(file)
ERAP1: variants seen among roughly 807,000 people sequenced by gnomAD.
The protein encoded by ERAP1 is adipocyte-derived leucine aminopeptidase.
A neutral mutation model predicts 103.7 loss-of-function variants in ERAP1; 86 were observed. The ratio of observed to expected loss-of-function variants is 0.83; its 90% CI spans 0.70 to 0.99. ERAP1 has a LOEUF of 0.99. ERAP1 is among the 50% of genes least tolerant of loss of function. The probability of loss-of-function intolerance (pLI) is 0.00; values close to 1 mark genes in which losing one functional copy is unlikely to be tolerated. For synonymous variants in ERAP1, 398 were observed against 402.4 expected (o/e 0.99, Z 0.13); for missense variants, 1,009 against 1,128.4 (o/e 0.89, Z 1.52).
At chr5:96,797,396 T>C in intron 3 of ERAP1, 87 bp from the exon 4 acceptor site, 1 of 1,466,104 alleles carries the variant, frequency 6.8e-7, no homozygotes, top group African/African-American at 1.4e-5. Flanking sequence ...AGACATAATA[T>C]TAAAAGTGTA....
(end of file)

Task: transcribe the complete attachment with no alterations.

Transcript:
ERAP1: variants seen among roughly 807,000 people sequenced by gnomAD.
The protein encoded by ERAP1 is adipocyte-derived leucine aminopeptidase.
A neutral mutation model predicts 103.7 loss-of-function variants in ERAP1; 86 were observed. The ratio of observed to expected loss-of-function variants is 0.83; its 90% CI spans 0.70 to 0.99. ERAP1 has a LOEUF of 0.99. ERAP1 is among the 50% of genes least tolerant of loss of function. The probability of loss-of-function intolerance (pLI) is 0.00; values close to 1 mark genes in which losing one functional copy is unlikely to be tolerated. For synonymous variants in ERAP1, 398 were observed against 402.4 expected (o/e 0.99, Z 0.13); for missense variants, 1,009 against 1,128.4 (o/e 0.89, Z 1.52).
At chr5:96,797,396 T>C in intron 3 of ERAP1, 87 bp from the exon 4 acceptor site, 1 of 1,466,104 alleles carries the variant, frequency 6.8e-7, no homozygotes, top group African/African-American at 1.4e-5. Flanking sequence ...AGACATAATA[T>C]TAAAAGTGTA....